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My Telescopes

My Main Telescope - C14 and Paramount ME

My new Paramount MyT and 8-inch Ritchey-Chretien Telescope

MyT Hand Controller

My Meade 12 inch SCT on a CGEM (Classic) Mount

My 4 inch Meade Refractor with Sky Watcher Guidescope and ZWO camera on a CGEM (Classic) Mount

Skywatcher Star Adventurer Mount with Canon 40D


My Solar setup using a DSLR and Mylar Filter on my ETX90

DSLR attached to ETX90. LiveView image of 2015 partial eclipse on Canon 40D

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About the Site

 I try to log my observing and related activities in a regular blog - sometimes there will be a delay but I usually catch up. An index of all my blogs is on the main menu at the top of the page with daily, weekly or monthly views. My Twitter feed is below. I am also interested in photograping wildlife when I can and there is a menu option above to look at some of my images. I try to keep the news feeds from relevant astronomical sources up to date and you will need to scroll down to find these.

The Celestron 14 is mounted on a Paramount ME that I have been using for about 10 years now - you can see that it is mounted on a tripod so is a portable set up. I still manage to transport it on my own and set it all up even though I have just turned 70! It will run for hours centering galaxies in the 12 minute field even when tripod mounted.


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« Day 47 Clocks forward 1 hour in Europe - Pallas and Pomona | Main | Day 45 How much dark time in the summer in Almeria? »

Day 46 Messier Objects M101, M5, M10 and NGC 6811 imaged using T11 in New Mexico

A cloudy blowy day here in Cabrera with some odd bits of sunshine getting through.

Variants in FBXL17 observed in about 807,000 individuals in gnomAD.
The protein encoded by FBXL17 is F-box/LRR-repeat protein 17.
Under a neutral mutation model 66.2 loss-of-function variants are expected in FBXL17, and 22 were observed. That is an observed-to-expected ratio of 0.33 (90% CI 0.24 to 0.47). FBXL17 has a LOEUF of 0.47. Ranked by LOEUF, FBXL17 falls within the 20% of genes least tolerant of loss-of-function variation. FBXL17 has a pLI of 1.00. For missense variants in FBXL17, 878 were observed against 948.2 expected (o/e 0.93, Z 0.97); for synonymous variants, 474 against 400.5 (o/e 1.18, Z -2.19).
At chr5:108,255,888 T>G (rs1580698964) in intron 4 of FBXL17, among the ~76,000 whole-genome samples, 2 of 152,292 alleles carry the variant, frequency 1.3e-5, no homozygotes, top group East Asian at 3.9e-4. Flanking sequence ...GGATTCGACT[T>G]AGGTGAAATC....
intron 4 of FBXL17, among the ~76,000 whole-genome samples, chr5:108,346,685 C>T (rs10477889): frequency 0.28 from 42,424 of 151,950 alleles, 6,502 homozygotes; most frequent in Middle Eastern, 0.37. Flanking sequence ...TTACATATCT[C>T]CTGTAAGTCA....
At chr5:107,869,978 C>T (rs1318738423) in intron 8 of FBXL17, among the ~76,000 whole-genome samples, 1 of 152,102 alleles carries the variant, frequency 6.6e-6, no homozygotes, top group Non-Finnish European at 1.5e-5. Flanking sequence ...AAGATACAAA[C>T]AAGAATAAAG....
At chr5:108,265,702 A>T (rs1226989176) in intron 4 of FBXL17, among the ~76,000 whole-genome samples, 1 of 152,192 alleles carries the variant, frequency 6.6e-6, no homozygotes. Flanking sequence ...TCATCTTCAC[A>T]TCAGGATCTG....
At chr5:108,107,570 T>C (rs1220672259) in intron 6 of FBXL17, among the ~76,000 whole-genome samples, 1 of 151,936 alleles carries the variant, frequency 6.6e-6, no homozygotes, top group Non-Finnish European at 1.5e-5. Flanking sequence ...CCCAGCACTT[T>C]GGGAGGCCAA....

T11 in new Mexico was available so I took this 10 minute image of M101.


and then a 10 minute image of the globular cluster M5


and then a 10 minute exposure of M10



and a fairly spectacular closer look at M10


 This is the telescope used for the above images

The video below (no commentary) shows the Rosetta Spacecraft. From Wikipedia:

"Rosetta is a robotic spacecraft built and launched by the European Space Agency to perform a detailed study of comet 67P/Churyumov–Gerasimenko. It is part of the ESA Horizon 2000 cornerstone missions and is the first mission designed to both orbit and land on a comet." 

"Comet Churyumov–Gerasimenko, officially designated 67P/Churyumov–Gerasimenko, is a comet with a current orbital period of 6.45 years.   It will next come to perihelion on 13 August 2015. Comet Churyumov–Gerasimenko is the destination of the European Space Agency's Rosetta spacecraft mission, launched on 2 March 2004, which "woke up" from hibernation mode on 20 January 2014 to monitor the comet and select a suitable site for an attempted landing in November 2014 by its Philae lander."

Although the comet will be low in the early evening sky from Cabrera it is magnitude 20 - requiring a big telescope to detect it - way beyond the capability of my telescopes. (About 300,000 times fainter than the faintest star you can see with the naked eye if my calculation is correct!!"

It is currently in Sagittarius


The clouds have cleared at 6 pm here in Cabrera - hopefully it will stay that way. My plan tonight is to use the 4 inch refractor with the SkyX to look at some of the minor planets now that I have updated the large minor planet database on my laptop - it now has 638926 minor planets!!

 I spoke too soon - clouds rolled in and practical astronomy was abandoned.  No remote telescopes available either.